The Birth-Death numbers are not seasonally adjusted while the reported headline number is. In the black box the BLS combines the two coming out with a total.

The Birth Death number influences the overall totals, but the math is not as simple as it appears. Moreover, the effect is nowhere near as big as it might logically appear at first glance.

Do not add or subtract the Birth-Death numbers from the reported headline totals. It does not work that way.

Birth/Death assumptions are supposedly made according to estimates of where the BLS thinks we are in the economic cycle. Theory is one thing. Practice is clearly another as noted by numerous recent revisions.

Birth Death Model Adjustments For 2011



Birth-Death Notes

Do NOT subtract the Birth-Death number from the reported headline number. That is statistically invalid.

Household Survey Data



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In the last year, the civilian population rose by 1,739,000. Yet the labor force rose by a mere 238,000. Those not in the labor force rose by 1,501,000.

Were it not for people dropping out of the labor force, the unemployment rate would be well over 11%.

Table A-8 Part Time Status



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Part-time status is essentially right where it was a year ago.

Table A-15

Table A-15 is where one can find a better approximation of what the unemployment rate really is.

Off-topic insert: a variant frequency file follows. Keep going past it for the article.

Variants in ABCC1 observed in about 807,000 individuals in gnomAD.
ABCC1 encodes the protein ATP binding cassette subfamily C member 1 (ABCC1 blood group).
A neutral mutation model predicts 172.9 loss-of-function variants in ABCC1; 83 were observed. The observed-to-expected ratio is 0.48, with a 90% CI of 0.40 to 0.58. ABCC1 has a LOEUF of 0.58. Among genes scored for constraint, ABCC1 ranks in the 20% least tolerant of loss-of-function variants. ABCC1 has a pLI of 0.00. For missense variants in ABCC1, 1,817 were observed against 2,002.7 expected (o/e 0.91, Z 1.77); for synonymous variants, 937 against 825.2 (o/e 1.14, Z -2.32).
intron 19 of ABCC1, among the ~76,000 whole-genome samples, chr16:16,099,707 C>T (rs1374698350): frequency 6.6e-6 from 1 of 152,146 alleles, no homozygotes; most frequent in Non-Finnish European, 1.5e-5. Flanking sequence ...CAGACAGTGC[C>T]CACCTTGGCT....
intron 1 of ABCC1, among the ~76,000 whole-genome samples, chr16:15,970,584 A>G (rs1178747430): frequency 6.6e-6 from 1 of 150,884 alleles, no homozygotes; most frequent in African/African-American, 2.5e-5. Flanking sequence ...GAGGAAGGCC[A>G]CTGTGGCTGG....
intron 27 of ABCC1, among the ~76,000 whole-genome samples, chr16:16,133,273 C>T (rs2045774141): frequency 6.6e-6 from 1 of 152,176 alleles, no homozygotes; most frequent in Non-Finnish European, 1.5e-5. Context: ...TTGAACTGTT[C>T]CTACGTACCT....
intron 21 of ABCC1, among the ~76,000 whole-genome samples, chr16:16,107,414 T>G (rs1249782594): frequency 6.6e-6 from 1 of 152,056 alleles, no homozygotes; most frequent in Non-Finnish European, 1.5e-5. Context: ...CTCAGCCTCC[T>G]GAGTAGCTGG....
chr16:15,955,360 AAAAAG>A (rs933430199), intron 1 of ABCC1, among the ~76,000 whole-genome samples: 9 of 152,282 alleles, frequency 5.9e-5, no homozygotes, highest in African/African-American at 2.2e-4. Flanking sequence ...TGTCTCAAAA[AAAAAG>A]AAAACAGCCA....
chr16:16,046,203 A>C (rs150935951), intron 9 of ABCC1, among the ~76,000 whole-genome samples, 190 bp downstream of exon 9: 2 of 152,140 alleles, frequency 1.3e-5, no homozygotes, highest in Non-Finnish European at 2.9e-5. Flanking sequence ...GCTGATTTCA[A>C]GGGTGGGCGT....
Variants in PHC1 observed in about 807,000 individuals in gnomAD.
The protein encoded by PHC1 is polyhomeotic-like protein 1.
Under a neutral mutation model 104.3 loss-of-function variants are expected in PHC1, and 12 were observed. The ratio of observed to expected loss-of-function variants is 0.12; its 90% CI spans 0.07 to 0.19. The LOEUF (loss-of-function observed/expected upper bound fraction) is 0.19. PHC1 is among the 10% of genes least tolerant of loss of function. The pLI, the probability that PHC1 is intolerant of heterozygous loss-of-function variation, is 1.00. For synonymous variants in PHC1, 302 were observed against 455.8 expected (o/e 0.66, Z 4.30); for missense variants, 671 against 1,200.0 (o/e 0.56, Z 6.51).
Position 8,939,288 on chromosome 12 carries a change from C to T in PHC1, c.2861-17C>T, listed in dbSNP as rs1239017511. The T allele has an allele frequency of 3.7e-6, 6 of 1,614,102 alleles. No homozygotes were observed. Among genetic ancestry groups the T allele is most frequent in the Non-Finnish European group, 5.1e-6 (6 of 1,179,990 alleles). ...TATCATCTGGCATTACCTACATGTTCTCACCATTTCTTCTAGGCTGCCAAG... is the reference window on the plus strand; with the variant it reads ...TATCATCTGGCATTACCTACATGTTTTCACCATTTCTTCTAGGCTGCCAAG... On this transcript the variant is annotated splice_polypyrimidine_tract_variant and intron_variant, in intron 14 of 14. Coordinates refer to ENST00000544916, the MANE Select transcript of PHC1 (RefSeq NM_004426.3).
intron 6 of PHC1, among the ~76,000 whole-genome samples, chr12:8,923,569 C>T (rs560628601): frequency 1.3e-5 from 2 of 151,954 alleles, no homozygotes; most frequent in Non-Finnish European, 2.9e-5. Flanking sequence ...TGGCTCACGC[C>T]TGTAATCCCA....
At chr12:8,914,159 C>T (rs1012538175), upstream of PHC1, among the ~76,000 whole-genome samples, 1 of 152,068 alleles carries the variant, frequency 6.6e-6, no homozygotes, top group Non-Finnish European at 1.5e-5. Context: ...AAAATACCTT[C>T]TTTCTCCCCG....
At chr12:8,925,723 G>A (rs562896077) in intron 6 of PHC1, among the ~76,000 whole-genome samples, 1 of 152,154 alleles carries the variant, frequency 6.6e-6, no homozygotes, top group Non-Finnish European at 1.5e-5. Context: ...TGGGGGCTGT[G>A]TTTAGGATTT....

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Distorted Statistics

Given the total distortions of reality with respect to not counting people who allegedly dropped out of the work force, it is hard to discuss the numbers.

The official unemployment rate is 9.0%. However, if you start counting all the people that want a job but gave up, all the people with part-time jobs that want a full-time job, all the people who dropped off the unemployment rolls because their unemployment benefits ran out, etc., you get a closer picture of what the unemployment rate is. That number is in the last row labeled U-6.

While the "official" unemployment rate is an unacceptable 9.0%, U-6 is much higher at 16.2%. The jump in U-6 this month is from part-time workers.

Things are much worse than the reported numbers would have you believe.

Encouraging Signs

The one encouraging factor is that for the second consecutive month the household survey was significantly stronger than the payroll survey.

A significant number of workers are looking for and finding jobs. Also for the second consecutive month, the labor force rose a significant amount, this month by 181,000.

However, I wonder how much of this increase is "forced employment" fueled by expiring unemployment benefits. Regardless, the jobs still have to come from somewhere.

Yet, the entire setup is on very thin ice given the clear slowdown in the global economy.

Mike "Mish" Shedlock
http://globaleconomicanalysis.blogspot.com


Mike Shedlock

Mike Shedlock is a registered investment advisor representative for Sitka Pacific Capital Management.